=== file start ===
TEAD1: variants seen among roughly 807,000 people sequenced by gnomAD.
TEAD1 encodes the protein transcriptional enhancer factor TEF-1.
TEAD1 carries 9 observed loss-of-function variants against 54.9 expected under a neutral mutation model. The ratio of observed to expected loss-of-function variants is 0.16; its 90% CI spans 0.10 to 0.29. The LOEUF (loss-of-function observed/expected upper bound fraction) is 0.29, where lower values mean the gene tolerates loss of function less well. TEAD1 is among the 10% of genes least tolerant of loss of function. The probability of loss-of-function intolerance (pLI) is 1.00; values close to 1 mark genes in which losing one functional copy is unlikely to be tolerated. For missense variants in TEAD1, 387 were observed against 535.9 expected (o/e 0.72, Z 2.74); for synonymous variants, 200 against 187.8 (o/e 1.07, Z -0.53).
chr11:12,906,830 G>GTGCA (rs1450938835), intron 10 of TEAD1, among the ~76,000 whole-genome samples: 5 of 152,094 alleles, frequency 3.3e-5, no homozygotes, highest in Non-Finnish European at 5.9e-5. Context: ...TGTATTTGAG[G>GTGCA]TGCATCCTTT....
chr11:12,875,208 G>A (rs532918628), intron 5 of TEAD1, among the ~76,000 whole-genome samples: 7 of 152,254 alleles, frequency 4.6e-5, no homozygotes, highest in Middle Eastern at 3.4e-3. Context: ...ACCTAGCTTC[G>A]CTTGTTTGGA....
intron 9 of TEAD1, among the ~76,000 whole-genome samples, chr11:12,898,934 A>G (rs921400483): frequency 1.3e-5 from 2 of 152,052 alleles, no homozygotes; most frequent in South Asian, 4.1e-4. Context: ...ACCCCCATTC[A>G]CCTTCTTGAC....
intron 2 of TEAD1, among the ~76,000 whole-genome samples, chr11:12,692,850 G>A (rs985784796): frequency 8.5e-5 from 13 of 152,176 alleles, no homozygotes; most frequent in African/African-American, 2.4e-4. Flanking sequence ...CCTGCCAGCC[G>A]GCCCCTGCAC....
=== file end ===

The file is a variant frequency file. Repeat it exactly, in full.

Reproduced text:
TEAD1: variants seen among roughly 807,000 people sequenced by gnomAD.
TEAD1 encodes the protein transcriptional enhancer factor TEF-1.
TEAD1 carries 9 observed loss-of-function variants against 54.9 expected under a neutral mutation model. The ratio of observed to expected loss-of-function variants is 0.16; its 90% CI spans 0.10 to 0.29. The LOEUF (loss-of-function observed/expected upper bound fraction) is 0.29, where lower values mean the gene tolerates loss of function less well. TEAD1 is among the 10% of genes least tolerant of loss of function. The probability of loss-of-function intolerance (pLI) is 1.00; values close to 1 mark genes in which losing one functional copy is unlikely to be tolerated. For missense variants in TEAD1, 387 were observed against 535.9 expected (o/e 0.72, Z 2.74); for synonymous variants, 200 against 187.8 (o/e 1.07, Z -0.53).
chr11:12,906,830 G>GTGCA (rs1450938835), intron 10 of TEAD1, among the ~76,000 whole-genome samples: 5 of 152,094 alleles, frequency 3.3e-5, no homozygotes, highest in Non-Finnish European at 5.9e-5. Context: ...TGTATTTGAG[G>GTGCA]TGCATCCTTT....
chr11:12,875,208 G>A (rs532918628), intron 5 of TEAD1, among the ~76,000 whole-genome samples: 7 of 152,254 alleles, frequency 4.6e-5, no homozygotes, highest in Middle Eastern at 3.4e-3. Context: ...ACCTAGCTTC[G>A]CTTGTTTGGA....
intron 9 of TEAD1, among the ~76,000 whole-genome samples, chr11:12,898,934 A>G (rs921400483): frequency 1.3e-5 from 2 of 152,052 alleles, no homozygotes; most frequent in South Asian, 4.1e-4. Context: ...ACCCCCATTC[A>G]CCTTCTTGAC....
intron 2 of TEAD1, among the ~76,000 whole-genome samples, chr11:12,692,850 G>A (rs985784796): frequency 8.5e-5 from 13 of 152,176 alleles, no homozygotes; most frequent in African/African-American, 2.4e-4. Flanking sequence ...CCTGCCAGCC[G>A]GCCCCTGCAC....